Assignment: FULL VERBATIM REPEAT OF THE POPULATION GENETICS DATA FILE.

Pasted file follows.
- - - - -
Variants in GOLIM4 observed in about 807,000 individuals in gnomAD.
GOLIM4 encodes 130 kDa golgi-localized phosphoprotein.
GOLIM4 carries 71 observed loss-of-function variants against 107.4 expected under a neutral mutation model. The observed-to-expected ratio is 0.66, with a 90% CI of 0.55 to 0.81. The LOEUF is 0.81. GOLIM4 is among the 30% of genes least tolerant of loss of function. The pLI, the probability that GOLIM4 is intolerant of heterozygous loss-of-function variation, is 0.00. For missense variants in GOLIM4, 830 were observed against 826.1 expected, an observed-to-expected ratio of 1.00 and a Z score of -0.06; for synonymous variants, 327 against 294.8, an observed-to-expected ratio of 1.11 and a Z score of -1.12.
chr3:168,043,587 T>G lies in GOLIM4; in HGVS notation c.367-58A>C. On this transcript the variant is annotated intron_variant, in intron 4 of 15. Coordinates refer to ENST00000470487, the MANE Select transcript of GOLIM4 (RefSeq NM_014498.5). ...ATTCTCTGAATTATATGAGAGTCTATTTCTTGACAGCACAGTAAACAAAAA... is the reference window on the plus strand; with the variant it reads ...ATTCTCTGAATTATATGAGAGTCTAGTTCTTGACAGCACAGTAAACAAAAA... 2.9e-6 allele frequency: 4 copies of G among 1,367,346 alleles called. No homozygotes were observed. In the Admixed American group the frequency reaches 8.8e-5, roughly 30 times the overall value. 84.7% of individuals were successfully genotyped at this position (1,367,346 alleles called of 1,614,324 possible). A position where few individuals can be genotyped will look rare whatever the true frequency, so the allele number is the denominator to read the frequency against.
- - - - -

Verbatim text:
Variants in GOLIM4 observed in about 807,000 individuals in gnomAD.
GOLIM4 encodes 130 kDa golgi-localized phosphoprotein.
GOLIM4 carries 71 observed loss-of-function variants against 107.4 expected under a neutral mutation model. The observed-to-expected ratio is 0.66, with a 90% CI of 0.55 to 0.81. The LOEUF is 0.81. GOLIM4 is among the 30% of genes least tolerant of loss of function. The pLI, the probability that GOLIM4 is intolerant of heterozygous loss-of-function variation, is 0.00. For missense variants in GOLIM4, 830 were observed against 826.1 expected, an observed-to-expected ratio of 1.00 and a Z score of -0.06; for synonymous variants, 327 against 294.8, an observed-to-expected ratio of 1.11 and a Z score of -1.12.
chr3:168,043,587 T>G lies in GOLIM4; in HGVS notation c.367-58A>C. On this transcript the variant is annotated intron_variant, in intron 4 of 15. Coordinates refer to ENST00000470487, the MANE Select transcript of GOLIM4 (RefSeq NM_014498.5). ...ATTCTCTGAATTATATGAGAGTCTATTTCTTGACAGCACAGTAAACAAAAA... is the reference window on the plus strand; with the variant it reads ...ATTCTCTGAATTATATGAGAGTCTAGTTCTTGACAGCACAGTAAACAAAAA... 2.9e-6 allele frequency: 4 copies of G among 1,367,346 alleles called. No homozygotes were observed. In the Admixed American group the frequency reaches 8.8e-5, roughly 30 times the overall value. 84.7% of individuals were successfully genotyped at this position (1,367,346 alleles called of 1,614,324 possible). A position where few individuals can be genotyped will look rare whatever the true frequency, so the allele number is the denominator to read the frequency against.